WIPAY is helping TT catch up in the digital revolution. The Caribbean-based online system hosts both a website and app which facilitate payments for online purchases using credit cards, and also creates online purchasing power for those who only have access to cash.
At its launch on Wednesday at IMAX in Port of Spain, the WiPay team said it would open the market of online shopping and transfer of funds to everybody who has access to the internet, even if they may not have access to credit card or even a bank account.
Business development manager Aldwyn Wayne said although in TT the main processors for online purchases are the banks, WiPay developed a system that processes much faster, which also eliminates long bank lines.
“We build a platform that allows anyone, from the doubles vendor to Massy Stores to download a plug-in for free which facilitates online purchasing.”
Wayne says this will make a difference for many, since because of Caribbean culture, only 20 per cent of the population of TT uses credit cards, as is the case in the rest of the region. In countries such as Jamaica, markets are driven by 90 per cent cash purchases; the figure is 95 per cent in Guyana.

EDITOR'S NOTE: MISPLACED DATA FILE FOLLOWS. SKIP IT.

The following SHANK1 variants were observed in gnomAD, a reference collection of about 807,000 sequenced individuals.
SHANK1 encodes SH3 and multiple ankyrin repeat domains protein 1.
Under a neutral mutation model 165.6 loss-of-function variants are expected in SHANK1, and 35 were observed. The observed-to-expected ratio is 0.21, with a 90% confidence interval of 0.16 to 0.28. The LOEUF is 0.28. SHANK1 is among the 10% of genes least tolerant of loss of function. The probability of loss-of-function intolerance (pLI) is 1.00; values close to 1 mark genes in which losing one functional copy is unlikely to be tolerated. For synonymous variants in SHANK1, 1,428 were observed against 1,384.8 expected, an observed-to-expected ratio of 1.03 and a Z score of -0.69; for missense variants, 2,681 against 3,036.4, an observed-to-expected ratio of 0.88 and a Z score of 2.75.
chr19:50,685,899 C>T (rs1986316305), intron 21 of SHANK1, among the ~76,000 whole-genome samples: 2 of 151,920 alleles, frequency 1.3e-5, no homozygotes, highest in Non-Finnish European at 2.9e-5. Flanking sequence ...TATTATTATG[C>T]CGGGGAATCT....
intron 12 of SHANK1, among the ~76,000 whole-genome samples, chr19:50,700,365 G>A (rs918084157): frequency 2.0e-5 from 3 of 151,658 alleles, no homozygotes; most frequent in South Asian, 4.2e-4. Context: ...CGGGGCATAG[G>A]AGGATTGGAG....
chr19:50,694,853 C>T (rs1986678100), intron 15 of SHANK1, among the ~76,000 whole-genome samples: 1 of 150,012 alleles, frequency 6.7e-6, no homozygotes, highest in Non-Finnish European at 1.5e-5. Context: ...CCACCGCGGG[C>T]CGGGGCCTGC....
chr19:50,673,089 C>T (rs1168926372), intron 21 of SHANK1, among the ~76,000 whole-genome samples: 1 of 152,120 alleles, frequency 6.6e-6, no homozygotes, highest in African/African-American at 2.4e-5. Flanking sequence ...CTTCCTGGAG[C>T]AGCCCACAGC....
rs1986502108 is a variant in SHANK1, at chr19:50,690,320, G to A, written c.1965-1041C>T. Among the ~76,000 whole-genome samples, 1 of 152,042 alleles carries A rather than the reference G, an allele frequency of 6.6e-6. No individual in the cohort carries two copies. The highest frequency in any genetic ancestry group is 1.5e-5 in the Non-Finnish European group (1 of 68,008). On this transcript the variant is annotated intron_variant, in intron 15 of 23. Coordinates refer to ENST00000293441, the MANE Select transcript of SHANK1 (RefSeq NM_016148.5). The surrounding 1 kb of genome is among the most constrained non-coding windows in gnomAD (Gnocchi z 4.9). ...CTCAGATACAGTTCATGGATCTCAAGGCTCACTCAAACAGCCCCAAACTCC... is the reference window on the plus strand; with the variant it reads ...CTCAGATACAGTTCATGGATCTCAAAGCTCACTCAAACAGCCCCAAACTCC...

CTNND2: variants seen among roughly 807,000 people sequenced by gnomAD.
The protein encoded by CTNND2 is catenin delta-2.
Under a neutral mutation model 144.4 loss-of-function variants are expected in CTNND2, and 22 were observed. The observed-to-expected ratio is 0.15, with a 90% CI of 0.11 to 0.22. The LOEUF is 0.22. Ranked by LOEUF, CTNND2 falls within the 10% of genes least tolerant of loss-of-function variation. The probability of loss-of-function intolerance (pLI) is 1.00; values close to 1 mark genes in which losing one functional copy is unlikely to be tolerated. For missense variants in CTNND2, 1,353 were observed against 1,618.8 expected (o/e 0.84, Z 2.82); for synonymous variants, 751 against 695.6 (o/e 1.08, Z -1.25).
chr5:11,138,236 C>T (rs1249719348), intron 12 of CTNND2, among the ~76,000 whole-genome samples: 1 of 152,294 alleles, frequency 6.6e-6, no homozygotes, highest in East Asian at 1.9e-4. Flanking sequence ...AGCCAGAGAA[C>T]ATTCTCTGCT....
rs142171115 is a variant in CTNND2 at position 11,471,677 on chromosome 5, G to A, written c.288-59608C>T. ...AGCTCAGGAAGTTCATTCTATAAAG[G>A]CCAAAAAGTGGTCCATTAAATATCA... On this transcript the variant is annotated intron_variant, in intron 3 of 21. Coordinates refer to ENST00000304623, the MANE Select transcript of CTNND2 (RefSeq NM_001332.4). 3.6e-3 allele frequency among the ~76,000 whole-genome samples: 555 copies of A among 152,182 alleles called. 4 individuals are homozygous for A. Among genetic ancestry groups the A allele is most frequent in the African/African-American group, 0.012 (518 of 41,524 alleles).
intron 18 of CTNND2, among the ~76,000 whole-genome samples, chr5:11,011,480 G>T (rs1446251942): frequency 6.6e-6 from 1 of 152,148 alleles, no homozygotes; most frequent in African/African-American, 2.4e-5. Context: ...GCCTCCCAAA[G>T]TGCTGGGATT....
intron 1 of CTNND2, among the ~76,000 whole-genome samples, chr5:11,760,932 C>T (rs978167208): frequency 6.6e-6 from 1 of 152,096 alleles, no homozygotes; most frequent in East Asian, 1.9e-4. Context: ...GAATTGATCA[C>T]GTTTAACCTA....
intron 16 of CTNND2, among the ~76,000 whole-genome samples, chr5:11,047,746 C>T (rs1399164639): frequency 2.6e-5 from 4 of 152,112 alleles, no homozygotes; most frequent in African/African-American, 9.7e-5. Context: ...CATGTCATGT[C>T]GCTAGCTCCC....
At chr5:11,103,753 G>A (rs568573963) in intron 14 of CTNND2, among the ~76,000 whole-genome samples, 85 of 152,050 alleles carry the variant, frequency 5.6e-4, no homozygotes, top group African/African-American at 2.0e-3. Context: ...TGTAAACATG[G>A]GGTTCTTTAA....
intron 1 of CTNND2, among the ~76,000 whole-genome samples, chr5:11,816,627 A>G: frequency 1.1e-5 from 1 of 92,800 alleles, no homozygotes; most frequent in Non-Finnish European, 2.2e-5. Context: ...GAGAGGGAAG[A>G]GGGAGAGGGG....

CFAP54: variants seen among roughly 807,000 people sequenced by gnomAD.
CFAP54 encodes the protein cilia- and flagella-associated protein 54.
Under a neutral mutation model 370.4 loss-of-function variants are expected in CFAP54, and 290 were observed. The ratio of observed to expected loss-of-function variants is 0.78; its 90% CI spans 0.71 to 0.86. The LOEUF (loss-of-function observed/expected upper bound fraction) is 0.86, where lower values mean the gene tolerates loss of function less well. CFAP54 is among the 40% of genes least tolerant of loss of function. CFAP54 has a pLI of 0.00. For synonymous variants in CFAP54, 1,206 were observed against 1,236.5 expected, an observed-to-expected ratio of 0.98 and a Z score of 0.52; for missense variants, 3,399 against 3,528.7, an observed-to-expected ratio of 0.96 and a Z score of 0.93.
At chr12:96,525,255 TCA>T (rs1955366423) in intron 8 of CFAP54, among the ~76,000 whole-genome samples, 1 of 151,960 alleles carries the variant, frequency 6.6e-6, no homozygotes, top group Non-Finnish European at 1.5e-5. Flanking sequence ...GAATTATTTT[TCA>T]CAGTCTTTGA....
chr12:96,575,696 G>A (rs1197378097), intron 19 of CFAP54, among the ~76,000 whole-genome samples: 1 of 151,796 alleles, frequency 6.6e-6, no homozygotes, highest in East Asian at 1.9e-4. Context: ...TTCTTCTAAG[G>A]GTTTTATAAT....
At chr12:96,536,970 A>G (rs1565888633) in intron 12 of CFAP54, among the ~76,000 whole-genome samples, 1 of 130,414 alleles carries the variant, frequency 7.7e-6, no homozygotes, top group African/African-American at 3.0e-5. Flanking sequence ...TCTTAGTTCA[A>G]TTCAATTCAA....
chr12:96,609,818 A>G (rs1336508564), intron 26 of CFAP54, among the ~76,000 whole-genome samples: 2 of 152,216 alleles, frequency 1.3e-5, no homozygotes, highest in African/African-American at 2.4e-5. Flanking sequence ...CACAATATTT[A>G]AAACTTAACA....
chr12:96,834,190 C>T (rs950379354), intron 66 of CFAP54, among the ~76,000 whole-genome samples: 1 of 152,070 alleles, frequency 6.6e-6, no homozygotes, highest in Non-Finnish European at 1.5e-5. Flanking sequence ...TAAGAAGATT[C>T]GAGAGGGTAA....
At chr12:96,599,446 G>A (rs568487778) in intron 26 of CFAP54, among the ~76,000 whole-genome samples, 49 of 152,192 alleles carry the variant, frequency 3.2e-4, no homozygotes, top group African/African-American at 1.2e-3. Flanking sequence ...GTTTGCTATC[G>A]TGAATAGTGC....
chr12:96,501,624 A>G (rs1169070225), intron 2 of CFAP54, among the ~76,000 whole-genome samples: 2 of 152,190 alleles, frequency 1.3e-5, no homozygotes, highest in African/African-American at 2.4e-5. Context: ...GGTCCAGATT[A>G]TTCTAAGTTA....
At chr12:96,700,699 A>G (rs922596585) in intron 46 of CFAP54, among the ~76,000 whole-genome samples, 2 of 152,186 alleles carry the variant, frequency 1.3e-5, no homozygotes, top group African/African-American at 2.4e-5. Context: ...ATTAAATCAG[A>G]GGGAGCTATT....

The use of technology will allow cash payments online.
“You go to a Lotto booth or top-up store, hand them cash and you get a chit with about 14 numbers on it. You then go online to make the purchase and provide the number at the checkout by selecting WiPay, after which you enter the 14 digits and the payment is complete.” He said this makes a difference for the region, as it is an online shopping mechanism which does not cater only to five to 25 per cent of populations in the Caribbean, and the user experience remains the same.
The ease and effectiveness of WiPay was displayed through a practical story Wayne told about a honey vendor from Moruga who uses the platform to collect and track payments from his clients in Diego Martin, which accounts for most of his customers.
Chief operations officer Sacha Thompson refers to WiPay as “technological innovation that is game-changing.” She said this use of technology has the power to transform how things are done, which will also transform lives, changing the way people connect and do business, as well as the economy.
Thompson gave a personal experience of how she was able to transfer funds for a project using the WiPay app within a matter of minutes using her smartphone.
CEO of Amcham TT Nirad Tewarie said, “We need to fundamentally shift the way we think about ideas. Someone has an idea. It could be transformative. It could change the way we do business. So why not try to make that idea a reality? We need to become a ‘why not’ society.”
He said such a mindset must be supported by co-ordinated policy measures that enable the “why not” entrepreneurs to access what they need to effect change. We pay is available throughout the Caribbean, being available now in Jamaica, Guyana and will soon be launched in St Lucia.